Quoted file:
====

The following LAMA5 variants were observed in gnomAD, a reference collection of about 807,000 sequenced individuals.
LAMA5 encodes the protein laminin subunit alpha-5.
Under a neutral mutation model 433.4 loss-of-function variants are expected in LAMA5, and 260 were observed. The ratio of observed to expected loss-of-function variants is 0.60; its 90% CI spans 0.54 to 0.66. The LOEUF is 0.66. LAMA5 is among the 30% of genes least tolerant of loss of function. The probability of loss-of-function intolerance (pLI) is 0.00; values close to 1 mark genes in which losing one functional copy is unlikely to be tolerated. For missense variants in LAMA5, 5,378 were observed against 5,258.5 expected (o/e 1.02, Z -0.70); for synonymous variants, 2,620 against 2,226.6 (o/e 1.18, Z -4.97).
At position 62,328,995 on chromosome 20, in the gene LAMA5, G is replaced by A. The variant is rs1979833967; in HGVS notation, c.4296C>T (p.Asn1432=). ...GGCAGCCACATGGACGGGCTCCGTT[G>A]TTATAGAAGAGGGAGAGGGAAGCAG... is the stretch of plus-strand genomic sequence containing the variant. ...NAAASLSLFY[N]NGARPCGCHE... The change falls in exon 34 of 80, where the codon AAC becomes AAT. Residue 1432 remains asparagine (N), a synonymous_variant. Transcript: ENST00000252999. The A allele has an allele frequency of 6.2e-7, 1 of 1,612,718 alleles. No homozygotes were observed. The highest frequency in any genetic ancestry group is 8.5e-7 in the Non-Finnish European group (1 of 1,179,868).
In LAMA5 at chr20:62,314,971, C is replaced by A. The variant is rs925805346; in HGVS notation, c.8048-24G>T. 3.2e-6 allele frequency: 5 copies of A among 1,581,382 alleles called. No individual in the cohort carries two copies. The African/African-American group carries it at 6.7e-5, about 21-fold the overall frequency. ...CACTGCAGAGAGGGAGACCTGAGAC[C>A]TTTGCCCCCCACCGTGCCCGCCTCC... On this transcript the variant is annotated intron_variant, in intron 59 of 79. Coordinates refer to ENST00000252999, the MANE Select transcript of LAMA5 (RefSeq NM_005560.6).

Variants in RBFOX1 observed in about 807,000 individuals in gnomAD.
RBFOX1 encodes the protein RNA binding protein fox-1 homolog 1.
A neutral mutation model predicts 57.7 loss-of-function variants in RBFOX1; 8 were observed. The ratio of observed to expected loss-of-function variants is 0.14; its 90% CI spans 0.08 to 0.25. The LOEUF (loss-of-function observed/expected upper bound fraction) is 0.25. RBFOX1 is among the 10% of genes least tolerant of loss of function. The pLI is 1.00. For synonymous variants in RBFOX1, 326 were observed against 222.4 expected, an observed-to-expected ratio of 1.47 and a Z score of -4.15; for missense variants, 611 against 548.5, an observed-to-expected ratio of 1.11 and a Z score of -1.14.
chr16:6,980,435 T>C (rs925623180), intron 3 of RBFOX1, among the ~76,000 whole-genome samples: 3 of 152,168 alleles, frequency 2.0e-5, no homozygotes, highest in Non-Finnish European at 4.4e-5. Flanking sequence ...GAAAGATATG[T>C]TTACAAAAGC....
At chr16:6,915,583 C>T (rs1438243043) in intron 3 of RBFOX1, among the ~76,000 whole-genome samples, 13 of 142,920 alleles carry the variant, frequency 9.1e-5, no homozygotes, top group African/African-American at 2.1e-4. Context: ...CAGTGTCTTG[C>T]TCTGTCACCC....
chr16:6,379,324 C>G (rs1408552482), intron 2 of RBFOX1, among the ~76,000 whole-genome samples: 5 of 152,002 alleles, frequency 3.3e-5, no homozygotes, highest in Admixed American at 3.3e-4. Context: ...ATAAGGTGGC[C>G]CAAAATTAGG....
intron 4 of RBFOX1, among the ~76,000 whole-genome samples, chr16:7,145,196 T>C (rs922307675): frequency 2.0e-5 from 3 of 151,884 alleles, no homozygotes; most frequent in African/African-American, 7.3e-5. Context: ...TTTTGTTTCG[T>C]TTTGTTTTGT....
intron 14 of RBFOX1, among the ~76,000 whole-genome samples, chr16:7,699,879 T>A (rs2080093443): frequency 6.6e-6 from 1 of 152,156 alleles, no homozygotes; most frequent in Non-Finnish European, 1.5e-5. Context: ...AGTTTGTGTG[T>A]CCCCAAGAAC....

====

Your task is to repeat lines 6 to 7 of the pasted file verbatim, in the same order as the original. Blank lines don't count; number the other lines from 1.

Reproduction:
Variants in RBFOX1 observed in about 807,000 individuals in gnomAD.
RBFOX1 encodes the protein RNA binding protein fox-1 homolog 1.